ISSN (Print) - 0012-9976 | ISSN (Online) - 2349-8846

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Is Small Beautiful?


Recently, there has been a sudden eruption of swabhiman (Marathi word for self-respect)—not of the Periyar variety—in Maharashtra. First, the Swabhimani Shetkari Sanghatna split and then a disgruntled Congress leader (Narayan Rane) left the party and formed a separate one calling it Maharashtra Swabhimani Paksh (MSP). These two developments are insignificant in themselves as both parties barely have influence in one parliamentary constituency each, but they draw attention to two different but interrelated processes that are under way not only in Maharashtra but also elsewhere. One is the continuous formation of new “parties” and the other is the ongoing fragmentation of larger parties. Both these processes have the same effect. They make party competition more uncertain and fluid.

Groups and individual political actors jumping the Congress ship is not an unexpected occurrence. In fact, the process has been surprisingly slow and halting. When the Congress party lost in 1996, many of its factions quickly left and formed separate parties resulting into fragmentation of the Congress in the absence of both the glue of power and the anchor of a strong leadership. Now, with the disastrous defeat of 2014, a similar prospect stares the party in the face. So far, although individual defections have occurred, no major faction from within it has come out to form a separate party. With Amarinder Singh (Chief Minister, Punjab) and Siddaramaiah (Chief Minister, Karnataka) being given adequate space at state level, the Congress may just have averted a more dramatic disintegration of the party so far.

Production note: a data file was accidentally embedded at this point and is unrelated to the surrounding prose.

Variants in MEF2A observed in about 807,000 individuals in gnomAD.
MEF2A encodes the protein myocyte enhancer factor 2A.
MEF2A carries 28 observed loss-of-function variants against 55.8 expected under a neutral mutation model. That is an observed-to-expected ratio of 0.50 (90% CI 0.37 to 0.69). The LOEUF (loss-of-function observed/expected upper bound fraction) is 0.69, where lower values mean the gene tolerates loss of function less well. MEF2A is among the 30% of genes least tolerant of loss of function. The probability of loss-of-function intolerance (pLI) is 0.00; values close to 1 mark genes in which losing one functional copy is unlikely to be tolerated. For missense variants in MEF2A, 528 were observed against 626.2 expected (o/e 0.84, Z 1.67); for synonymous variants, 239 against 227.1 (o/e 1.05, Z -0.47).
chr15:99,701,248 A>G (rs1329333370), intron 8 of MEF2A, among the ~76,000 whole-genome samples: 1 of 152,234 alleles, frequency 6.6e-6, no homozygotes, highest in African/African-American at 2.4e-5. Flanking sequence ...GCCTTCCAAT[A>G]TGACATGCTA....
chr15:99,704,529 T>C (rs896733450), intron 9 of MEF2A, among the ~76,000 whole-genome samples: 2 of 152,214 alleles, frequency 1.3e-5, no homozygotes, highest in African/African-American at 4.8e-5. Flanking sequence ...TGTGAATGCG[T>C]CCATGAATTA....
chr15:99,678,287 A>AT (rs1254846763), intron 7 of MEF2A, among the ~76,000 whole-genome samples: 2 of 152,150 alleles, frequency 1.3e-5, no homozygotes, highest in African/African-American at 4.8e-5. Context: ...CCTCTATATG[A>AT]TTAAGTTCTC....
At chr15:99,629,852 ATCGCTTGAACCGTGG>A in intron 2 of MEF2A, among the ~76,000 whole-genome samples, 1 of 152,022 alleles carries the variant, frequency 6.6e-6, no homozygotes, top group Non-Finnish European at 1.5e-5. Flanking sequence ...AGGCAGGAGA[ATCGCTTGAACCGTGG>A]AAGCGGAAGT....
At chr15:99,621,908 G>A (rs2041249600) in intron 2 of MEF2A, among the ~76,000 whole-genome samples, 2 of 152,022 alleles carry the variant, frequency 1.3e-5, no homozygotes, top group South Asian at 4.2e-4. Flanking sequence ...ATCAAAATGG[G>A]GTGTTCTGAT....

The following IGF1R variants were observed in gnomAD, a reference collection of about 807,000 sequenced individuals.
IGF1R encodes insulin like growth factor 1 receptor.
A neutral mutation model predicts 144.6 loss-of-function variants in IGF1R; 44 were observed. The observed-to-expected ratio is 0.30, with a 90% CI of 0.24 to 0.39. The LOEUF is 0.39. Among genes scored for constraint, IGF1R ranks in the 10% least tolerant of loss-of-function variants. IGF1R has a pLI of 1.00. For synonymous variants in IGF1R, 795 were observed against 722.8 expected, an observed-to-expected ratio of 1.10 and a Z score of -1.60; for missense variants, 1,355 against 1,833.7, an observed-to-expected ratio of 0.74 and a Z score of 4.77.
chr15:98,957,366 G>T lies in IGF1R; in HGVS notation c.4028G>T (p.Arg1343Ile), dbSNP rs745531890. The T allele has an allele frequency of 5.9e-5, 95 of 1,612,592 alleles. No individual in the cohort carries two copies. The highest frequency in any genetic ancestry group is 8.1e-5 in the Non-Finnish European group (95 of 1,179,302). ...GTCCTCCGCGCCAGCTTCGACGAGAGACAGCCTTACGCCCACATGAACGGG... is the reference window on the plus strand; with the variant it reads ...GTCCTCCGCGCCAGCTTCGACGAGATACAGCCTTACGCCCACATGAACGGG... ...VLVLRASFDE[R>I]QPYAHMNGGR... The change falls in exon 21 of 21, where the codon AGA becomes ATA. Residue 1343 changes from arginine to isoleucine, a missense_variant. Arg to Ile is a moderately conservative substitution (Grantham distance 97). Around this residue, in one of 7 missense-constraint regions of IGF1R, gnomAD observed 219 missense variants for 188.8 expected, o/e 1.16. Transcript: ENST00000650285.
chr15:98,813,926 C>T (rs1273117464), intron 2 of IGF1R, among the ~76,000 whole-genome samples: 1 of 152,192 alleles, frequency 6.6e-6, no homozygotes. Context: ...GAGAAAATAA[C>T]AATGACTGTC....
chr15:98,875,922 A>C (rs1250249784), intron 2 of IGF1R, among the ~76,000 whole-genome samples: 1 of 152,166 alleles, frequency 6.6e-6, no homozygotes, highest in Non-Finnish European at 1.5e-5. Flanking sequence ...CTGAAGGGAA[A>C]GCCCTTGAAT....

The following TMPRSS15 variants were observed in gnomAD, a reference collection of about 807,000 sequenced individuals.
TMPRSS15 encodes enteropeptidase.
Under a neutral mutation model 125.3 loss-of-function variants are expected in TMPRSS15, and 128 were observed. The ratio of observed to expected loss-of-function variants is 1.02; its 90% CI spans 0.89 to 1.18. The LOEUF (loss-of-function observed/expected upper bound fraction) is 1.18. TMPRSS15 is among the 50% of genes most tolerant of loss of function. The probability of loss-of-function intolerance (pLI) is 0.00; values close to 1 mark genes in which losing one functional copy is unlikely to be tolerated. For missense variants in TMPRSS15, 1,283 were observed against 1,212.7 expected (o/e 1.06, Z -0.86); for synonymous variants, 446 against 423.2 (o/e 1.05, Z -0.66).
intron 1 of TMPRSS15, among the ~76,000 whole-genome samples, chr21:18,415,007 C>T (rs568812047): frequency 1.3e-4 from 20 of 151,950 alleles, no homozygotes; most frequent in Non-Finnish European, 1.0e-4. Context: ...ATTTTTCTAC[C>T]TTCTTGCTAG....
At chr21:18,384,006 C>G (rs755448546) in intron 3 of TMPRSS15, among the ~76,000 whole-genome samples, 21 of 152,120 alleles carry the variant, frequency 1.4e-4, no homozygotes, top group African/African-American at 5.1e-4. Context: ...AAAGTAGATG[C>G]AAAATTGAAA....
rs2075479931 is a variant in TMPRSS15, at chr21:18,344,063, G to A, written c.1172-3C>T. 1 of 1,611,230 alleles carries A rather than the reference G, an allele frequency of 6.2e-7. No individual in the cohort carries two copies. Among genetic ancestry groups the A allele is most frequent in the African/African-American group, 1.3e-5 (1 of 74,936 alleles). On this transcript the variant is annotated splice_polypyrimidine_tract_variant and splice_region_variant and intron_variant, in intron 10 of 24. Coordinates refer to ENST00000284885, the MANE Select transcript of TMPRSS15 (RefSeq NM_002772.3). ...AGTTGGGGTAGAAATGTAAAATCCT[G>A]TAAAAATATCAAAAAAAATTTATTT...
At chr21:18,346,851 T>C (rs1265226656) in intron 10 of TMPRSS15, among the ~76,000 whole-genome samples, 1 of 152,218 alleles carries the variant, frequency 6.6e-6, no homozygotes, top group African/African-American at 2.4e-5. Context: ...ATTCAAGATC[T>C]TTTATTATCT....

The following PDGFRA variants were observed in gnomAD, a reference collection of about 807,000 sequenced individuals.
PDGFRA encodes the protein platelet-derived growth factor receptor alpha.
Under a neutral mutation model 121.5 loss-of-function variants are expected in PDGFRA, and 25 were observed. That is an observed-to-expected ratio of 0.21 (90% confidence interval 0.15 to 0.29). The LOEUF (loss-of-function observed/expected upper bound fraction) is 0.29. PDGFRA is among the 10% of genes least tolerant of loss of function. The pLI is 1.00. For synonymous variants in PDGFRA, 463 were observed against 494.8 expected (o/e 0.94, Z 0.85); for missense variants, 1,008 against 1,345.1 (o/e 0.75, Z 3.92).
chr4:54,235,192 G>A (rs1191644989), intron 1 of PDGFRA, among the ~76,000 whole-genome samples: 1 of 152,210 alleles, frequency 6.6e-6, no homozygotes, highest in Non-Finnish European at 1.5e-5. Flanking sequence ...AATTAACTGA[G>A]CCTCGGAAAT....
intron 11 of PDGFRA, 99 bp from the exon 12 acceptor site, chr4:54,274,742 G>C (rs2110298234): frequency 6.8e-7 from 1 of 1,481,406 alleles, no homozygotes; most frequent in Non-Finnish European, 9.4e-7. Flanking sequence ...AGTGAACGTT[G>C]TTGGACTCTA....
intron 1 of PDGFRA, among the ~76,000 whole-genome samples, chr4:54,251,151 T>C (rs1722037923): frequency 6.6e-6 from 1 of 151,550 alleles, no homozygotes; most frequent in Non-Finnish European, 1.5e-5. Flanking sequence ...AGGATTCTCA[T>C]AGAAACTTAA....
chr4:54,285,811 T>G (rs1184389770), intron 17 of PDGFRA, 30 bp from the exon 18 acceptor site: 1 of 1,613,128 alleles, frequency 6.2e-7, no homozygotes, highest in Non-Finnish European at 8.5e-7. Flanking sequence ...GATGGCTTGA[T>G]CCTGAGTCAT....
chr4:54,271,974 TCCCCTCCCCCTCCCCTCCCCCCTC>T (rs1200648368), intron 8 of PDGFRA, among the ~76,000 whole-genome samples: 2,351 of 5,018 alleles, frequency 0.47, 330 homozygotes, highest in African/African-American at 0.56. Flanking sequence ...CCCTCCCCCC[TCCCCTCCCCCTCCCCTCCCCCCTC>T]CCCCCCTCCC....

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Updated On : 16th Oct, 2017
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